Likely worth your time.
Thanks to Malcolm Greenhill for pointing this out. In response to Megan McArdle’s post “America’s New Mandarins,” it might be worth revisiting Charles Murray’s Coming Apart.
Murray argues that since 1963, America’s civic culture, one that prized marriage, one that was more religious and more influenced by organized religion, and one that created a network of civic associations, clubs and shared expectations and obligations has sharply declined (Murray does not advocate a return to 1963).
He tells a tale of two cities: Belmont & Fishtown. Belmonters are upper-middle class folks, and however much they followed the 60’s zeitgeist (however radical or not radical they were), they could afford to bounce back. They’ve since come to run many of our institutions and are doing ok for themselves in the professions albeit with less religion in their lives (NPR’s mainstreaming of institutionalized feminism, environmentalism, moral relativism etc. might be a good example). The upper 20%, and a professional class of lawyers, doctors, professors has held together pretty well.
Fishtowners, on the other hand, haven’t rebounded according to Murray. Working-class whites in Fishtown now have marriage rates of 48% (to 84% in Belmont). They have much higher out-of-wedlock births, and 1 out of 8 males are not even looking for work alongside only 1 out of 8 people going to church regularly. Religion has declined in both areas, but much more so in Fishtown. The social fabric that once held these two groups together, and formed the core of pre-1960’s society, has weakened considerably.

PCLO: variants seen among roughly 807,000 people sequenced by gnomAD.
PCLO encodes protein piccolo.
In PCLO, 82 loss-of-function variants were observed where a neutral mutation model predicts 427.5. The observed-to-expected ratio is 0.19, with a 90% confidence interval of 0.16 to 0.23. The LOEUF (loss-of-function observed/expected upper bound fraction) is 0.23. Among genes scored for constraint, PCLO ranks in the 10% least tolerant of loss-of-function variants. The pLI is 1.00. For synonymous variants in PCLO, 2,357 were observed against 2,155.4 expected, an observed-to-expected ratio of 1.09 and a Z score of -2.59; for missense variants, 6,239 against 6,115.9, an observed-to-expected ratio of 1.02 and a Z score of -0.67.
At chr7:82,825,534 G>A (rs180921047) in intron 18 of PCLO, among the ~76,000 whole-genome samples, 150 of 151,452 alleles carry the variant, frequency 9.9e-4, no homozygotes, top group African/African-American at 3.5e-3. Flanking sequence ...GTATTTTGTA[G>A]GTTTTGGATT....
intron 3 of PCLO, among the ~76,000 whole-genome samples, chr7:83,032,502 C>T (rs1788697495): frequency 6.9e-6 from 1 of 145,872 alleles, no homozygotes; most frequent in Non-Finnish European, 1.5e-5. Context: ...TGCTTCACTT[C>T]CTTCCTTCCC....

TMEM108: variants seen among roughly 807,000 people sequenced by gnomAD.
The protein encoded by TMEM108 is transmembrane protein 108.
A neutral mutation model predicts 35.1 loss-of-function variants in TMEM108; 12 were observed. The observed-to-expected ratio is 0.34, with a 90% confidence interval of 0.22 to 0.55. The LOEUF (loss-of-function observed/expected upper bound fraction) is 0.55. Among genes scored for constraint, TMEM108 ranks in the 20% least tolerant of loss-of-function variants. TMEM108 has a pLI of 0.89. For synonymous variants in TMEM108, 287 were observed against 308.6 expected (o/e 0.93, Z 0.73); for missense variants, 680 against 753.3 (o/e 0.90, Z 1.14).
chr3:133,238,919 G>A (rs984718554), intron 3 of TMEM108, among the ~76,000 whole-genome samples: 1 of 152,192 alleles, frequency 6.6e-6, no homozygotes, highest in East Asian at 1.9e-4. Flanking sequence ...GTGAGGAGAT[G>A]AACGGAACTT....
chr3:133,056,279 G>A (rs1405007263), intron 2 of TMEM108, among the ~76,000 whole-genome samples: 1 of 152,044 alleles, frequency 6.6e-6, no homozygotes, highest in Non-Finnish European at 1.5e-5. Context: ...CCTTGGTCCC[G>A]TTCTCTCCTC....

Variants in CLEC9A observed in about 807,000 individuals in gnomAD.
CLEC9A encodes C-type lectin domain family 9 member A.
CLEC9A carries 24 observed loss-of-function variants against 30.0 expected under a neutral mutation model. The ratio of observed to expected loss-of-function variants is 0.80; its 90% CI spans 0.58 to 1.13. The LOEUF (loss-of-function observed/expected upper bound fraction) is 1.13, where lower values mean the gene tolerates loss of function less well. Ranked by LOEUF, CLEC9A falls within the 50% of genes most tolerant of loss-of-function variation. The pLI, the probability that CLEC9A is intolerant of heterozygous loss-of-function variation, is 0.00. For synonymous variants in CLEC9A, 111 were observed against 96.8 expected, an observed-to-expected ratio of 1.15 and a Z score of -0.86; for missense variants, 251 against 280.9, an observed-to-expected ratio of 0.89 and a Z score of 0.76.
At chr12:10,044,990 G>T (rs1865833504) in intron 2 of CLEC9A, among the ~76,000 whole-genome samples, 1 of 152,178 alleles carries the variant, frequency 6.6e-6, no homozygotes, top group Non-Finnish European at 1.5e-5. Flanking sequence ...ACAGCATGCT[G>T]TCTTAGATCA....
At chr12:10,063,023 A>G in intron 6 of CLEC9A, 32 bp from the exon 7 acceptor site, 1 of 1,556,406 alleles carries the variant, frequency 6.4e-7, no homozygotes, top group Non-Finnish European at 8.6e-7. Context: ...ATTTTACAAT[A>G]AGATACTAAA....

In lieu of Murray’s lost civic culture, the clubs and associations that once bound us together, perhaps we could think of McArdle’s mandarins and meritocrats having been born of the newer, more self-selecting, Belmont. Perhaps some there are more open to government uniting us, or open to more European-style governance.
***Murray also addresses the rise of technology and technological dislocation (brains, STEM training, the rise of the quants) as well. There are many other moving parts here.
Any thoughts and comments are welcome.
The point of this post: The mandarins are us! Egads!
Related On This Site: Charles Murray At The New Criterion: ‘Belmont & Fishtown’…Charles Murray Lecture At AEI: The Happiness Of People…Can you maintain the virtues of religion without the church…of England?: From The City Journal: Roger Scruton On “Forgiveness And Irony”…
The NY Times op-ed writer and a practicing Catholic? William Saletan and Ross Douthat At Slate: ‘Liberalism Is Stuck Halfway Between Heaven And Earth’…Douthat’s The Grand New Party…Ross Douthat At First Principles: ‘The Quest for Community in the Age of Obama: Nisbet’s Prescience’
Don’t get Borked, at least if you’re openly religious and aiming for higher office: Bork had his own view of the 1960′s: A Few Thoughts On Robert Bork’s “Slouching Towards Gomorrah”
Walter Russell Mead takes a look at the blue model (the old progressive model) from the ground up in NYC to argue that it’s simply not working. Check out his series at The American Interest. He has a big vision with some holes in it, but it’s one that embraces change boldly.
Once you take apart the old structure, you have to criticize the meritocracy you’ve helped create: David Brooks At The NY Times: ‘Why Our Elites Stink’